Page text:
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Abstract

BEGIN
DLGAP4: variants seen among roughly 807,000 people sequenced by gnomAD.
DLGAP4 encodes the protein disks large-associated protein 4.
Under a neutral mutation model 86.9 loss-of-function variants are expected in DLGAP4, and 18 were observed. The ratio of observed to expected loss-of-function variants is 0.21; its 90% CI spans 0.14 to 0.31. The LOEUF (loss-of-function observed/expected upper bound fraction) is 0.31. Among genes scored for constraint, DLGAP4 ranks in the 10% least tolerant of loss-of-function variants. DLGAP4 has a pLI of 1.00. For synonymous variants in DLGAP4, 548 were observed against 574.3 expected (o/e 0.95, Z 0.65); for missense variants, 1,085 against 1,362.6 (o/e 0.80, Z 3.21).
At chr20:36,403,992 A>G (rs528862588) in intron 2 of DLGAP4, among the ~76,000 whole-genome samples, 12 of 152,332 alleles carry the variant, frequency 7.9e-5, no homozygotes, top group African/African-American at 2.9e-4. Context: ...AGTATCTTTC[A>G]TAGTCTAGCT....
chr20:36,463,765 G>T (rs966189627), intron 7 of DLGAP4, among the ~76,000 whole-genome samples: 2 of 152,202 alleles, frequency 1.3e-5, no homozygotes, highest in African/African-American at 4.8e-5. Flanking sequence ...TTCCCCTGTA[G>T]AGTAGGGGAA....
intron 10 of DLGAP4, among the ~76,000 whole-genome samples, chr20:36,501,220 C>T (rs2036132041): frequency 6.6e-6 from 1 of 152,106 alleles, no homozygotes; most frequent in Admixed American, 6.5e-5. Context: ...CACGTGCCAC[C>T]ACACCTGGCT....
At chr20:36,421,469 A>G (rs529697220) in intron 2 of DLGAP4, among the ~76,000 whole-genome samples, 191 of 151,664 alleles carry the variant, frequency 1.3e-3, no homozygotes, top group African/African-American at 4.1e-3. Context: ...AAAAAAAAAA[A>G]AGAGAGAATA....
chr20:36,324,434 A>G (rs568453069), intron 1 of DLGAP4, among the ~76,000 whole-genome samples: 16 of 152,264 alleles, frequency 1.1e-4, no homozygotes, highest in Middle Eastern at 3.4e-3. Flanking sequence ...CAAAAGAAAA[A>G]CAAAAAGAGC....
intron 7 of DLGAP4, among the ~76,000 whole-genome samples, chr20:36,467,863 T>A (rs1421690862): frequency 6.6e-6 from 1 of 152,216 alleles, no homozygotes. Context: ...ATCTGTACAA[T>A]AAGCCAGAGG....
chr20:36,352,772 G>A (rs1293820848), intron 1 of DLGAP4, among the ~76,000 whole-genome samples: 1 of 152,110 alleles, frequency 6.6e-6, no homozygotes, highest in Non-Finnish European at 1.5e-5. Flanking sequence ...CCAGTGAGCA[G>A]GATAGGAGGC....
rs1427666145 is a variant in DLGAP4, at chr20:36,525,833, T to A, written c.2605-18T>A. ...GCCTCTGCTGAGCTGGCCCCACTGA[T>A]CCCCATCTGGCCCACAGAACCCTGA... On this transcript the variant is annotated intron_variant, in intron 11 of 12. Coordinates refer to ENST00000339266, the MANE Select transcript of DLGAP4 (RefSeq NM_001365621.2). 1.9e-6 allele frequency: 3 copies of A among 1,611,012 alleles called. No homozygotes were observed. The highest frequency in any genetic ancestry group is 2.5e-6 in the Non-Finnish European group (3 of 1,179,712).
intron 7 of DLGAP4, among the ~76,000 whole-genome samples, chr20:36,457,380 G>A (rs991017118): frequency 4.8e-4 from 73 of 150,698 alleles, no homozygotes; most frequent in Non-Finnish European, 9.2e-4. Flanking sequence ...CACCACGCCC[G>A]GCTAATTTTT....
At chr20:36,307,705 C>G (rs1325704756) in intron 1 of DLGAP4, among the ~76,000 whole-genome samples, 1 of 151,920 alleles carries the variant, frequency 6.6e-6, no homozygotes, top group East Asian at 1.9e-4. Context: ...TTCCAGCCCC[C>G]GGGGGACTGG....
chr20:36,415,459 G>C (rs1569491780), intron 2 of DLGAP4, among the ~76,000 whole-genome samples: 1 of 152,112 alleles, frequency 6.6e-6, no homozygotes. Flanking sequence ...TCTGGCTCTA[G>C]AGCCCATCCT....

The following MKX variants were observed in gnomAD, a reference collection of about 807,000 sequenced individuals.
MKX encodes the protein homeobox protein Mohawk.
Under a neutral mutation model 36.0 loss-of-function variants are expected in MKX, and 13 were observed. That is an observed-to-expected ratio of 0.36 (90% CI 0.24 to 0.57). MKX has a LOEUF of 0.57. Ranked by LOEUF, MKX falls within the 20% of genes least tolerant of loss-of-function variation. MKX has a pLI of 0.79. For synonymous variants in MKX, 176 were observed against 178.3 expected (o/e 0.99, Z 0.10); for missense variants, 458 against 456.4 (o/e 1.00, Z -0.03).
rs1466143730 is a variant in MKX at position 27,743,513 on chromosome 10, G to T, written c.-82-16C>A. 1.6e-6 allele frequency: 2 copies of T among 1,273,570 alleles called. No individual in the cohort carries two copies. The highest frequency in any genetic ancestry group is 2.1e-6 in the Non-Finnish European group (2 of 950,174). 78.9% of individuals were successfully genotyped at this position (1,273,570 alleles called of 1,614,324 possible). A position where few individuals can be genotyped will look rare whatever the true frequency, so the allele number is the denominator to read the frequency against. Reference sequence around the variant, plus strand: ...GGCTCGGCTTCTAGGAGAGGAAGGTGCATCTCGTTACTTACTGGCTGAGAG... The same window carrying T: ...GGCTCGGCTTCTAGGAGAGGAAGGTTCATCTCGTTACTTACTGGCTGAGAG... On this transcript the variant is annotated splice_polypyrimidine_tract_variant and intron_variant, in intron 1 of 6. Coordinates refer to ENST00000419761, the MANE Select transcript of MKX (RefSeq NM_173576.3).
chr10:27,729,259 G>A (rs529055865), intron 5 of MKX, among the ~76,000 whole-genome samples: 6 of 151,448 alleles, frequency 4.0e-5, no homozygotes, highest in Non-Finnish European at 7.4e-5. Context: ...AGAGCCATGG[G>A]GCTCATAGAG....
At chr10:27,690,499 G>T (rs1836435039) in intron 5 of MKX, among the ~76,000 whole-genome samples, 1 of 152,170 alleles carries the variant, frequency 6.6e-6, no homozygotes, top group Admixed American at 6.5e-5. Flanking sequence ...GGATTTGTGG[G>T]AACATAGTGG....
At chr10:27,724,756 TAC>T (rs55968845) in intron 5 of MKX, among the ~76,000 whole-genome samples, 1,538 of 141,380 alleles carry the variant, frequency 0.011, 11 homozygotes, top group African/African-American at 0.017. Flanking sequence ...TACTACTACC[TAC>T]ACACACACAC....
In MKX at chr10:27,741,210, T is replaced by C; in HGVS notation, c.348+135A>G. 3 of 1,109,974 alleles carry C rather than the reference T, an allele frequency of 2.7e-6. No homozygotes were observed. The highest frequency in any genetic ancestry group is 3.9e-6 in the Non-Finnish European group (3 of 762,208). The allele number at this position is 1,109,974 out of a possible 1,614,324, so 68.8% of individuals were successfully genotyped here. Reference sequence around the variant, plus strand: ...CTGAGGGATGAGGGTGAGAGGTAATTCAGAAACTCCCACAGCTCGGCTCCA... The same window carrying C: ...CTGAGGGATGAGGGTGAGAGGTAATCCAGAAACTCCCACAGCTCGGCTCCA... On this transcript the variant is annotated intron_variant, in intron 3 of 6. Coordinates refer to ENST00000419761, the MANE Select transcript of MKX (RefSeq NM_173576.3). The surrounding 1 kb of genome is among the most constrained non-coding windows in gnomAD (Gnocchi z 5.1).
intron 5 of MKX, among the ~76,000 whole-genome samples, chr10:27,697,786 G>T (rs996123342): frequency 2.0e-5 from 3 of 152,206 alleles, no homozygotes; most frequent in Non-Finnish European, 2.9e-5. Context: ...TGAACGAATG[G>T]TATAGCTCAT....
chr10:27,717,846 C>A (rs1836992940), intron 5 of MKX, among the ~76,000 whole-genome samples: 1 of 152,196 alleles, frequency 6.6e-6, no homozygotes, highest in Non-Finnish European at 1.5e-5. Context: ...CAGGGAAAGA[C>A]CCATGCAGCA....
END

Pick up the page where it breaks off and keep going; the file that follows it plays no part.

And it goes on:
This article discusses the value of livelihoods studies and examines the obstacles which have prevented it from making a greater contribution to understanding the lives of poor people over the past decade. After examining the roots of the livelihoods approach, two major challenges are explored: the conceptualization of the problem of access, and how to achieve a better understanding of the mutual link between livelihood opportunities and decision-making. The article concludes that access to livelihood opportunities is governed by social relations, institutions and organizations, and that power is an important (and sometimes overlooked) explanatory variable. In discussing the issue of access to livelihood opportunities, the authors note the occurrence of both strategic and unintentional behaviour and the importance of structural factors; they discuss concepts of styles and pathways, which try to cater for structural components and regularities; and they propose livelihood trajectories as an appropriate methodology for examining these issues. In this way, the article also sets the agenda for future livelihoods research.